The building of a new multi-million pound school and community hub in Carlisle takes a big step forward today, with the installation of sky lanterns.
They're designed to flood the buildings with natural light.
Work got underway on the new and expanded Pennine Way Primary School and community centre in Harraby in September.
The scheme is due to be completed this summer.
The start of building works for the new Kelso High School has been delayed by a European ruling.
Scottish Borders Council secured planning permission for the new school in October last year.
But European rules affecting some investment projects - including Scotland’s Schools for the Future programme - have put a halt on the £21.4 million project.
The Council says those involved are working to ensure a solution is found as soon as possible.
Ryan Dollard visits Carlisle's Brook Street Primary School where pupils come from families with more than a dozen different languages.
Paul Crone meets the victims of, and those working to end, disability hate crimes in Cumbria.
Viewers should be aware that this report contains some language that they may find offensive.
With disability hate crimes on the rise in Cumbria, a day centre for adults with learning difficulties is highlighting just how damaging and serious the issue can be.
Last year 48 disability hate crimes were reported to Cumbria Police - more than double the number in the previous 12 months.
So to combat this growing problem The Heathlands Project near Carlisle has teamed up with the police to take the anti-hate crime message into local schools.
Today a session was delivered at William Howard School in Brampton to teach pupils what hate crime is and how and why it can have such a devastating impact.
Heathlands Project users have also been speaking about their experiences of hate crime.
"A youth walking along the street tried to fiddle with my wheelchair controls. He then tipped my chair backwards and I hit my head on the pavement.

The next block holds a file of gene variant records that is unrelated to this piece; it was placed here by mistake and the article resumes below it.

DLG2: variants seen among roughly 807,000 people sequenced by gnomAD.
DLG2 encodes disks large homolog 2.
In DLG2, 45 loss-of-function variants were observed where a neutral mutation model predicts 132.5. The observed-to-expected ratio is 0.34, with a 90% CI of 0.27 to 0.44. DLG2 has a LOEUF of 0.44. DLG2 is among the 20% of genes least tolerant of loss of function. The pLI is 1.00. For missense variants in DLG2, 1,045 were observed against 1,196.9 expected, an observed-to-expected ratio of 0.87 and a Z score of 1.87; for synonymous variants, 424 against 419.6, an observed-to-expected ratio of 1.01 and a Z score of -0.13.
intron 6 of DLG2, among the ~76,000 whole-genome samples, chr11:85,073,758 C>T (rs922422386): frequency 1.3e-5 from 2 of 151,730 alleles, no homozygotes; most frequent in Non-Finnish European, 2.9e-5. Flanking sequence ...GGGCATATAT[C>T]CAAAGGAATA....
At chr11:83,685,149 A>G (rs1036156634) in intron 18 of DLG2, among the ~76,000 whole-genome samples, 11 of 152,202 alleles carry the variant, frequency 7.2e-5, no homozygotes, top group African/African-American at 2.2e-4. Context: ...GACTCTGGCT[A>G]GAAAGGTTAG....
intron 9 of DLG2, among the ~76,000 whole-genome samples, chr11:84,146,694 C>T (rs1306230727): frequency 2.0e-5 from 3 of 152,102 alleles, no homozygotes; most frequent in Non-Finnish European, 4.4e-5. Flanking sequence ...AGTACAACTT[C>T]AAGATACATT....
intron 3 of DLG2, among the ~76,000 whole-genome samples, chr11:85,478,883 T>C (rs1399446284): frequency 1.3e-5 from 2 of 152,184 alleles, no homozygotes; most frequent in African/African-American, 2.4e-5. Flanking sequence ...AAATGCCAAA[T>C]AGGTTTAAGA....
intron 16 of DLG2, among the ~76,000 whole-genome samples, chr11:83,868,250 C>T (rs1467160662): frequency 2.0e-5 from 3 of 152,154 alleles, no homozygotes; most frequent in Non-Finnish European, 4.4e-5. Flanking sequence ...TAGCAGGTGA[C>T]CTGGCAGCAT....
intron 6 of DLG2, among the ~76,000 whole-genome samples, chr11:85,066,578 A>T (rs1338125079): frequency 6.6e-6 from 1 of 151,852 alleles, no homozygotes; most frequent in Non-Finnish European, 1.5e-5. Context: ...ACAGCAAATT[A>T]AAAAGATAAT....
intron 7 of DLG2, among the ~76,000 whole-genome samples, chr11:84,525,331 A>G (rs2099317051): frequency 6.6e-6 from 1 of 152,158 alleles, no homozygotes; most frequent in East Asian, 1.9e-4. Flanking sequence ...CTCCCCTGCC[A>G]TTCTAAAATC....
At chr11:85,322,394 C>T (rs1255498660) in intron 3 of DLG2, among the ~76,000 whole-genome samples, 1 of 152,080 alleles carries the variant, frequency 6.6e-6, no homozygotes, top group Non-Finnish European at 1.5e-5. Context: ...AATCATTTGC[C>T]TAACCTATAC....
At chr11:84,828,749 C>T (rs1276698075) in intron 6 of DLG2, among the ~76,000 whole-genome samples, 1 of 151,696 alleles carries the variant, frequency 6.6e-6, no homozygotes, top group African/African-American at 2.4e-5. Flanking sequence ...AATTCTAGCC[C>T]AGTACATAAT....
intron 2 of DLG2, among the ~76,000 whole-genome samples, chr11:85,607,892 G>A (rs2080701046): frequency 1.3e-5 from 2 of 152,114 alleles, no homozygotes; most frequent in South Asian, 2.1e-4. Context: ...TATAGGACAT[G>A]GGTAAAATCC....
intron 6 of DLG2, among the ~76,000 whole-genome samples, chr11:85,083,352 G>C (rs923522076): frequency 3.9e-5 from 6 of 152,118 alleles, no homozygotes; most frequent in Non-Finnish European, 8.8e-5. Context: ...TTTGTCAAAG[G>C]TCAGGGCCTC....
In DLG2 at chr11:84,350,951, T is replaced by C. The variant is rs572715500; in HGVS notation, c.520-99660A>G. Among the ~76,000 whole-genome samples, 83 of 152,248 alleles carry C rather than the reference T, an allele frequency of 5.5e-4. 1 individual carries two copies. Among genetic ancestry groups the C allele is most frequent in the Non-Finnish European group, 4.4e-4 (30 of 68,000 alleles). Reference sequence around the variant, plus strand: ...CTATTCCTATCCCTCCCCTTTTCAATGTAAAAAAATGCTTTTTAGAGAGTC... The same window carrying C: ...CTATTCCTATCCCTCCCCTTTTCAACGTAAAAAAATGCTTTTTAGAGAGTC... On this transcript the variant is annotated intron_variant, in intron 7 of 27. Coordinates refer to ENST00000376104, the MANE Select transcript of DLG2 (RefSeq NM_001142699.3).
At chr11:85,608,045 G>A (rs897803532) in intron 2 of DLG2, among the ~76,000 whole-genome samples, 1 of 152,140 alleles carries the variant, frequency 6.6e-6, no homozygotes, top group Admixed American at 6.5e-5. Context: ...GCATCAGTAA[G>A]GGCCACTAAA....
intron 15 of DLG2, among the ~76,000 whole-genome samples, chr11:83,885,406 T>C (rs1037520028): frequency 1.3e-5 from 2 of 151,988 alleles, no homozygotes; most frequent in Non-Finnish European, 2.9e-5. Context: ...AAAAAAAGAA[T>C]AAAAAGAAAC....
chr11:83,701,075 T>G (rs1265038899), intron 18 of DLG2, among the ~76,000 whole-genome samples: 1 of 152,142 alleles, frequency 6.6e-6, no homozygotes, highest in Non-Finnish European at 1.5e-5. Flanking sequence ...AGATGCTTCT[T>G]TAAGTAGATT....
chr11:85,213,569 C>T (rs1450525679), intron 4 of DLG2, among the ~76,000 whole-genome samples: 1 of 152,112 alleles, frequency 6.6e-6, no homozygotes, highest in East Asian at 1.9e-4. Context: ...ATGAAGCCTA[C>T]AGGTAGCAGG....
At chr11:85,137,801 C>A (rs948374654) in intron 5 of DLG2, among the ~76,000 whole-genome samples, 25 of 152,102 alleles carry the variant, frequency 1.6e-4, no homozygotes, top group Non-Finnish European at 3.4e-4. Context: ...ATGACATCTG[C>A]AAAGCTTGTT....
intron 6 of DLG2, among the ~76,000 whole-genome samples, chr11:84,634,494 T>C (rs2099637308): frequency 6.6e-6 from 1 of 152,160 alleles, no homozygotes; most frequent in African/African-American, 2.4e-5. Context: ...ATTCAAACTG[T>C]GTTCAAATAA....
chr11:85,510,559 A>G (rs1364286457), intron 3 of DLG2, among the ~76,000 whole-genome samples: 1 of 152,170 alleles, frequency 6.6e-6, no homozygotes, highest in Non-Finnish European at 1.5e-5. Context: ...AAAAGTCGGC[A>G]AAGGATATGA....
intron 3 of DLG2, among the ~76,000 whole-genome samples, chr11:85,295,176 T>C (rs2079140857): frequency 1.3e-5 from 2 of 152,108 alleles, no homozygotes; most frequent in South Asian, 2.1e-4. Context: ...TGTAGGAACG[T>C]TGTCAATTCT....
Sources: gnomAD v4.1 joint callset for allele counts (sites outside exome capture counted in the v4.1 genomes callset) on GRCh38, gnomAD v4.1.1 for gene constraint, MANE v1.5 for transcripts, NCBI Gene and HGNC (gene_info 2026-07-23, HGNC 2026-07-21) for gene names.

"It's wrong - everyone who witnesses hate crime or experiences hate crime should report it to the police."
Reporter Jenny Longden takes a look at a new approach to school start and finish times in the Scottish Borders.
Cumbria Constabulary and the Office of the Police and Crime Commissioner have funded an educational play that will visit schools in Cumbria.
Paul Crone meets the team behind the play, and some of the pupils who have seen it.
Viewers should be aware that the play deals with child sex exploitation.
You can find out more about the company behind the play here.
For support with any of the issues addressed by it, you can visit:
A play to teach young people about child sex exploitation is visiting schools in Cumbria.
It was funded by Cumbria Constabulary and the Office of the Police and Crime Commission, and pupils at William Howard School say it made them reconsider how they behave online.
Pupils at William Howard School have praised the use of a play to teach them about child sex education.
The play was funded by the Cumbria Constabulary and the Office of the Police and Crime Commissioner, and highlights how both boys and girls can be groomed by adults.
Students say the play was better than just being told about the issue.